Meyer v. ERJ, INC., 145 F. Supp. 2d 960 (N.D. Ill. 2001)
March 27, 2001
ERJ, INC., a New York corporation, De Baron, Inc., a New Jersey corporation, ERJ De Baron, Inc., a corporation, James Debark, an individual, Ron Focazio, an individual, and Ed Liguori, an individual, Defendants.
United States District Court, N.D. Illinois, Eastern Division.
J. Robert Meyer, Hinsdale, IL, for Plaintiffs.
Gary A. Hood, Peterson & Ross, Chicago, IL, John G. Sestak, Jr., Jennings, Strouss & Salmon, P.L.C., Phoenix, AZ, H. Evan Williams, IV, O'Hagan, Smith & Amundsen, Wheaton, IL, James W. Ozog, Heather Lynn Genck, Momkus, Ozog & McCluskey, Downers Grove, IL, for Defendants.
MEMORANDUM AND ORDER
MORAN, Senior District Judge.
Both plaintiffs and respondent Wal-Mart Stores, Inc. (Wal-Mart) have moved for summary judgment on plaintiffs' claim that Wal-Mart owes money to judgment debtor ERJ, Inc. or related companies (ERJ). We grant Wal-Mart's motion and deny plaintiffs' motion.
Neither ERJ nor the secured lender that succeeded to its assets has ever claimed that Wal-Mart owes anything to ERJ. That claim is advanced by plaintiffs, who have a judgment against ERJ and want to recover on that judgment. They first sought to establish that Wal-Mart had outstanding balances owing. The Wal-Mart director of accounts payable said "no," but because the accounting records were not self-explanatory we granted plaintiffs leave to take a deposition of someone who could explain them. The deposition was taken and we have heard nothing further claiming that the accounting records reflect any balance outstanding. And the director of accounts payable filed an amended affidavit updating and reenforcing his prior affidavit.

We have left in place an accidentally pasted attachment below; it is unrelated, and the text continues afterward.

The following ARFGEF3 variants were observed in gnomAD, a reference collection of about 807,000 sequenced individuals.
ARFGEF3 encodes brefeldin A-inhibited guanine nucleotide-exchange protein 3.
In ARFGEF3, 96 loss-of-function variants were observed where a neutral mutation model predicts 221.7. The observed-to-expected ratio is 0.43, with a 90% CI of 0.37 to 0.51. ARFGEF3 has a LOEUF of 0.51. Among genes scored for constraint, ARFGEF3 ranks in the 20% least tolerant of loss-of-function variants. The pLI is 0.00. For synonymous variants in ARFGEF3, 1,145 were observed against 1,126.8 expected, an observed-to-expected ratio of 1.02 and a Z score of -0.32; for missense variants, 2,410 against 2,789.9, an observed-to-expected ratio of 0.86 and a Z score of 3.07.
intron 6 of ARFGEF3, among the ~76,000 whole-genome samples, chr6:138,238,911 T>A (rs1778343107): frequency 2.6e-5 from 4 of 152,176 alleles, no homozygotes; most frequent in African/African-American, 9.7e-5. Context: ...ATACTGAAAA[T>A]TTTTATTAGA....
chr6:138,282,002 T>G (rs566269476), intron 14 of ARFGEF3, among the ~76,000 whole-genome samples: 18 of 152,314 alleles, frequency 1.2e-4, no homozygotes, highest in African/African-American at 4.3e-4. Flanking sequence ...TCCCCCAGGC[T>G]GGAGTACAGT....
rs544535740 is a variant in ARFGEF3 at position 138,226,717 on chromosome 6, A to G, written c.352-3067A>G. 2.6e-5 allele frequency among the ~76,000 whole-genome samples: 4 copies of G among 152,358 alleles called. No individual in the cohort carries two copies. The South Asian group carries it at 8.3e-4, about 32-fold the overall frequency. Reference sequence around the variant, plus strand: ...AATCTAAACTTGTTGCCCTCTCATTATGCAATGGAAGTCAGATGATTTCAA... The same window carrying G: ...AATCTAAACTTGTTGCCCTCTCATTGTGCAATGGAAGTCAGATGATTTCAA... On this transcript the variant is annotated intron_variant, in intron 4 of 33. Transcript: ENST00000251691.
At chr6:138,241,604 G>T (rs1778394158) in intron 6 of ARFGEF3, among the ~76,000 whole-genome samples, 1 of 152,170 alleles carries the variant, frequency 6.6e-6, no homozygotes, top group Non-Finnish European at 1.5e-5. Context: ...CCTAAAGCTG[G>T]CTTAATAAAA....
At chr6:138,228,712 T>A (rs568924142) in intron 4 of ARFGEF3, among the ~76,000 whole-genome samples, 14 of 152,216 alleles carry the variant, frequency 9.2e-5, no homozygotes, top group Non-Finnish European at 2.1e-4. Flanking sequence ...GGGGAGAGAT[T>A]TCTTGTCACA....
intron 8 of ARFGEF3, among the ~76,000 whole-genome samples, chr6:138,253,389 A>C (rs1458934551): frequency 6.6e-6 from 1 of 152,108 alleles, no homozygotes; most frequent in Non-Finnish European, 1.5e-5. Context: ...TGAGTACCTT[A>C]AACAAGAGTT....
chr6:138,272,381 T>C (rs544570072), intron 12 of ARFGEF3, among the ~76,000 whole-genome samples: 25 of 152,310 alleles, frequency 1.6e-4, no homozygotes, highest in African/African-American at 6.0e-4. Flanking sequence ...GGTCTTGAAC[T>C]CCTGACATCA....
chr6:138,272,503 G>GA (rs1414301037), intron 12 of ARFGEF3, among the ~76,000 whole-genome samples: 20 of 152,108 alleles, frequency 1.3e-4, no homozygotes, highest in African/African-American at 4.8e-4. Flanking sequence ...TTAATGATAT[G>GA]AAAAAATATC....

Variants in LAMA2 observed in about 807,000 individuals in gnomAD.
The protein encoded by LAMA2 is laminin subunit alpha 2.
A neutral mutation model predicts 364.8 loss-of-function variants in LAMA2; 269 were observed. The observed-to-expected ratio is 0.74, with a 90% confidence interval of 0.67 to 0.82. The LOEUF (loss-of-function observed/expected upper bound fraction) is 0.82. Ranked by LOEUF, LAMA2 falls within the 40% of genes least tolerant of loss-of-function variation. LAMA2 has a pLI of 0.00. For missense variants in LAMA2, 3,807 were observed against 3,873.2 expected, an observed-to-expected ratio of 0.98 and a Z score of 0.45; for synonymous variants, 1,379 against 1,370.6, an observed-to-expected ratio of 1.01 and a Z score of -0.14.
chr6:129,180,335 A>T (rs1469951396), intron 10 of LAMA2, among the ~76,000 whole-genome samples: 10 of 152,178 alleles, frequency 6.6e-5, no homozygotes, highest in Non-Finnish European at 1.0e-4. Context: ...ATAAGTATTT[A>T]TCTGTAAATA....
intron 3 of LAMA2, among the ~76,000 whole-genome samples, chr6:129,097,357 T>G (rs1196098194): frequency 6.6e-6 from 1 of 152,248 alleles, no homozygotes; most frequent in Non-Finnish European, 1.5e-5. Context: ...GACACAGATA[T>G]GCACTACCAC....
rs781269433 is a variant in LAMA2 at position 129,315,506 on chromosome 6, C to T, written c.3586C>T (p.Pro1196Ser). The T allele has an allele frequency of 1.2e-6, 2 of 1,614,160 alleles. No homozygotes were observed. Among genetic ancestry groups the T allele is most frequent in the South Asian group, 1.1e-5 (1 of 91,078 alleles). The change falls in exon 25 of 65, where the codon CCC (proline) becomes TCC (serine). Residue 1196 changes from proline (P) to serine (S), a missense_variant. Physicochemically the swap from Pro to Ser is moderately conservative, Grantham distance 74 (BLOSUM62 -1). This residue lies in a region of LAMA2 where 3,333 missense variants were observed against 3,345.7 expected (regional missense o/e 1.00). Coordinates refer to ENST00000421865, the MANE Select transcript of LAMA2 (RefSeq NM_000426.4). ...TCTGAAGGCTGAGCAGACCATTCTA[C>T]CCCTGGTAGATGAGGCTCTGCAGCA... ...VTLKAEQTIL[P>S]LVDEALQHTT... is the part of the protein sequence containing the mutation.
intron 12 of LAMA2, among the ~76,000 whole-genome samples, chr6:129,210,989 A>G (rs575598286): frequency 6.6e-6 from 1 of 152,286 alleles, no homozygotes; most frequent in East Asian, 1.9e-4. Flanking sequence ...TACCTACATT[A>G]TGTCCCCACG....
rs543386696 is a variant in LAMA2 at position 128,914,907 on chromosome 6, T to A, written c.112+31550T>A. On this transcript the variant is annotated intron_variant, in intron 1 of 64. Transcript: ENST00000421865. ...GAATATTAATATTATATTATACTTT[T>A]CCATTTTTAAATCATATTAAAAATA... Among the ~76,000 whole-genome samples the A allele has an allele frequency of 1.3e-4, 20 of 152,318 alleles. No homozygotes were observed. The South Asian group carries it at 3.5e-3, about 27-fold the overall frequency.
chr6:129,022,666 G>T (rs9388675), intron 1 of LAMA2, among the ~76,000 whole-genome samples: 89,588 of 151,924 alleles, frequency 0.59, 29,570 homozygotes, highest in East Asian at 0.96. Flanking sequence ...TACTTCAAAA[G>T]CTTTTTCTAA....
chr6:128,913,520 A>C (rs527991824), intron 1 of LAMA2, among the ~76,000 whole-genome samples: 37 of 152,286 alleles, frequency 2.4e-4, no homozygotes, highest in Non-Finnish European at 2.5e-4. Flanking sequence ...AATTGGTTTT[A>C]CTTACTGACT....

Plaintiffs now claim that their review of inventory and other records disclose unexplained inventory on hand and various unexplained credits. They rely heavily on a claimed lack of documentation for those amounts. In doing so, they seek to open up the relationship between Wal-Mart and ERJ over a several-year period to advance claims never made by ERJ or the secured lender. But they have never obtained any court orders requiring production of additional documents and have not even filed any formal requests. It is up to plaintiffs to prove that Wal-Mart owes money to ERJ; it is not up to Wal-Mart to justify its transactions. Even so, Wal-Mart has filed various affidavits which respond to plaintiffs' claims. Wal-Mart's bedding buyer has no reason to believe that defective merchandise was not returned by the respective stores, according to established procedures, ERJ has never claimed to the contrary, and certain $25,000 credits were by agreement with ERJ. Other affidavits discuss the inventory system and inbound freight credits. The end result is that plaintiffs have at most an unsupported *961 speculation that Wal-Mart did not pay all that was due. And that is not enough.